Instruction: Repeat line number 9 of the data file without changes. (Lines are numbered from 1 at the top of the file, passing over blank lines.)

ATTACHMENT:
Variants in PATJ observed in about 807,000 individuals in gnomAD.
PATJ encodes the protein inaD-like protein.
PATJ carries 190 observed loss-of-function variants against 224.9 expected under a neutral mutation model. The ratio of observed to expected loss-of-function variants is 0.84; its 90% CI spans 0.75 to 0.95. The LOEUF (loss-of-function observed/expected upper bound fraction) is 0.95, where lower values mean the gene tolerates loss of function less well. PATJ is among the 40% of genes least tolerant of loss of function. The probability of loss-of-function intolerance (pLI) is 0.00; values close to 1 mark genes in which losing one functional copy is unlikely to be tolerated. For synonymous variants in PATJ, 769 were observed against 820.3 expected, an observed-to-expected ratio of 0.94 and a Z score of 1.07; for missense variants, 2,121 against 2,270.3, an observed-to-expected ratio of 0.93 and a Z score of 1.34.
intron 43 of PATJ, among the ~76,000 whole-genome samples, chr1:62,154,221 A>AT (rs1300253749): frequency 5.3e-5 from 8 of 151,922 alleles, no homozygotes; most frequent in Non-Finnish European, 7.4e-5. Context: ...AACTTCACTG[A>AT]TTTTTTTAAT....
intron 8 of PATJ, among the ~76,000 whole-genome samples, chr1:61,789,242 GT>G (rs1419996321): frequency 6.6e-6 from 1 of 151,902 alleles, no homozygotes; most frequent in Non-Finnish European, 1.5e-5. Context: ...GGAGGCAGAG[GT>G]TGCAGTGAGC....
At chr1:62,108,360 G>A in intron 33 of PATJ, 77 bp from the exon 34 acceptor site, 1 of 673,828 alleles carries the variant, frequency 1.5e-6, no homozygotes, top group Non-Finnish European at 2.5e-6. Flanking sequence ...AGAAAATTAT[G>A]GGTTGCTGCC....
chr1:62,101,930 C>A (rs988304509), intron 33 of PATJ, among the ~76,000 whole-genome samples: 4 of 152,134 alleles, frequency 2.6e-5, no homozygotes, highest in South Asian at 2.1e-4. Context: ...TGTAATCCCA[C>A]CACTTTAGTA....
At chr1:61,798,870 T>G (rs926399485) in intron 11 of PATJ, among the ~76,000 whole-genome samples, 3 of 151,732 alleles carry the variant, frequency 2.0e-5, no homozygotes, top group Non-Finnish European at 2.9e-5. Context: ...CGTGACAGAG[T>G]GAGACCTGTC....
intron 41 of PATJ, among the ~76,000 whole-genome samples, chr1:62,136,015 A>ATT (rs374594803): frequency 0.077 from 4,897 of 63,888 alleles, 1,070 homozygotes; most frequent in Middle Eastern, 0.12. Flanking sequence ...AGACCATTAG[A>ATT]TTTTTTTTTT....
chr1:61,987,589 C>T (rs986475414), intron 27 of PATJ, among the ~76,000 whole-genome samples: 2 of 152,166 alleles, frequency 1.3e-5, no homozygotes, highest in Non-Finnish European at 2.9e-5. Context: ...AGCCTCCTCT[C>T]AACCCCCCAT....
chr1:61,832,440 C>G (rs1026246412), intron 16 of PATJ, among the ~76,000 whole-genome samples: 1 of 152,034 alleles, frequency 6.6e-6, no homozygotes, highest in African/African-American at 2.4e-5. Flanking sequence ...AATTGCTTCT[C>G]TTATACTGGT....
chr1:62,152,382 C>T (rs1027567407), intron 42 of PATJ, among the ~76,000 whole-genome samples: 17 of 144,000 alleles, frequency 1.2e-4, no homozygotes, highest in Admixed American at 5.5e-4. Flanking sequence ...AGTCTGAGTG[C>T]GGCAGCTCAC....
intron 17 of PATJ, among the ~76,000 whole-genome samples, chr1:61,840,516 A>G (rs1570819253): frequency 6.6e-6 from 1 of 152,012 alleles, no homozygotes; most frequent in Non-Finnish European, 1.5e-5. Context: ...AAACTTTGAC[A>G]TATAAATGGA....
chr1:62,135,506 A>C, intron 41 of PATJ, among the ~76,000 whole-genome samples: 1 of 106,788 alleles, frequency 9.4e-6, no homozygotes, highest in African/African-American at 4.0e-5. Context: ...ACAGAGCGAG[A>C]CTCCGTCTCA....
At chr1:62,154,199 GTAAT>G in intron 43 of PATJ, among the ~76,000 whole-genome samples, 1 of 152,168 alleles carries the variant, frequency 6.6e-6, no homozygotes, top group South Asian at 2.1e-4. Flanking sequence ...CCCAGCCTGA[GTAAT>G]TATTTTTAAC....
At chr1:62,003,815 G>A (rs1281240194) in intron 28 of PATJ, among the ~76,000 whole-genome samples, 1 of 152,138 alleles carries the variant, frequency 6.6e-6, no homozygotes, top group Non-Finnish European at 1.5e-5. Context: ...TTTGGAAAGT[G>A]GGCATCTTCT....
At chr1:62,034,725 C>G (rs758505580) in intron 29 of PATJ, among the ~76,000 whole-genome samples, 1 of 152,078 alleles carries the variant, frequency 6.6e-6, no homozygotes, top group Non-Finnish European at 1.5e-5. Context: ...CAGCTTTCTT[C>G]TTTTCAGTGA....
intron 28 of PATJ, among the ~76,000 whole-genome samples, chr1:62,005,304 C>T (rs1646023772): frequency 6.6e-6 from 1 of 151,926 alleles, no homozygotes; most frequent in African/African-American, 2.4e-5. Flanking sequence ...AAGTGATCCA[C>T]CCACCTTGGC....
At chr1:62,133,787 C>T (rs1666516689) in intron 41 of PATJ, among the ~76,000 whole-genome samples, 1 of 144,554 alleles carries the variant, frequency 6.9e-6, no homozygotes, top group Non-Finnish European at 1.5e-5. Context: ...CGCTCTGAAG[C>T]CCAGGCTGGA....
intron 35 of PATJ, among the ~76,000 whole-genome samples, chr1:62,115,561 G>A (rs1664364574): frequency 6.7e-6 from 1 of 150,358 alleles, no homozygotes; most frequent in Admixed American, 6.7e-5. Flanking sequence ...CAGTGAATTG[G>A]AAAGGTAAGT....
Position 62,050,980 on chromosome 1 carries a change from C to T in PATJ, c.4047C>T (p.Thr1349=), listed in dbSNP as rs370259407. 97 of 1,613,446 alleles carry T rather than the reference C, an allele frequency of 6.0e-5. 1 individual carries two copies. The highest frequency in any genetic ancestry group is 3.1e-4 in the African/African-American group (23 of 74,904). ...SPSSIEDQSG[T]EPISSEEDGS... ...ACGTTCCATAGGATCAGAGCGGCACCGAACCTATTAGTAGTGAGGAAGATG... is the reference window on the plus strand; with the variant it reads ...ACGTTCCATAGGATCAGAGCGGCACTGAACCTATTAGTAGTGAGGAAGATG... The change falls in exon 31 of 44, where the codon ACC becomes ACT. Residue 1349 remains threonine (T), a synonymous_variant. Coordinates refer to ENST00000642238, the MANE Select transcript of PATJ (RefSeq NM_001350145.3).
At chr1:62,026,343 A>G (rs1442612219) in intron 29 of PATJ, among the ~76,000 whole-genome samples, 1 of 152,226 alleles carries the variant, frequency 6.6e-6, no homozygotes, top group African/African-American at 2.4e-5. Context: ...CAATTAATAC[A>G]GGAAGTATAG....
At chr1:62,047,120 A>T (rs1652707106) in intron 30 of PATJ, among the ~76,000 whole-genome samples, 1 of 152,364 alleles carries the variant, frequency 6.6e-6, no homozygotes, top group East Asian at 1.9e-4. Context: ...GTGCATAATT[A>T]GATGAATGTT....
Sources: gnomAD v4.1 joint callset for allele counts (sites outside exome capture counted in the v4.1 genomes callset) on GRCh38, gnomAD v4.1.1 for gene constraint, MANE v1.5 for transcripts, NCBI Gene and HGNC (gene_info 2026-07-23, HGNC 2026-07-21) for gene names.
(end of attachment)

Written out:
intron 41 of PATJ, among the ~76,000 whole-genome samples, chr1:62,136,015 A>ATT (rs374594803): frequency 0.077 from 4,897 of 63,888 alleles, 1,070 homozygotes; most frequent in Middle Eastern, 0.12. Flanking sequence ...AGACCATTAG[A>ATT]TTTTTTTTTT....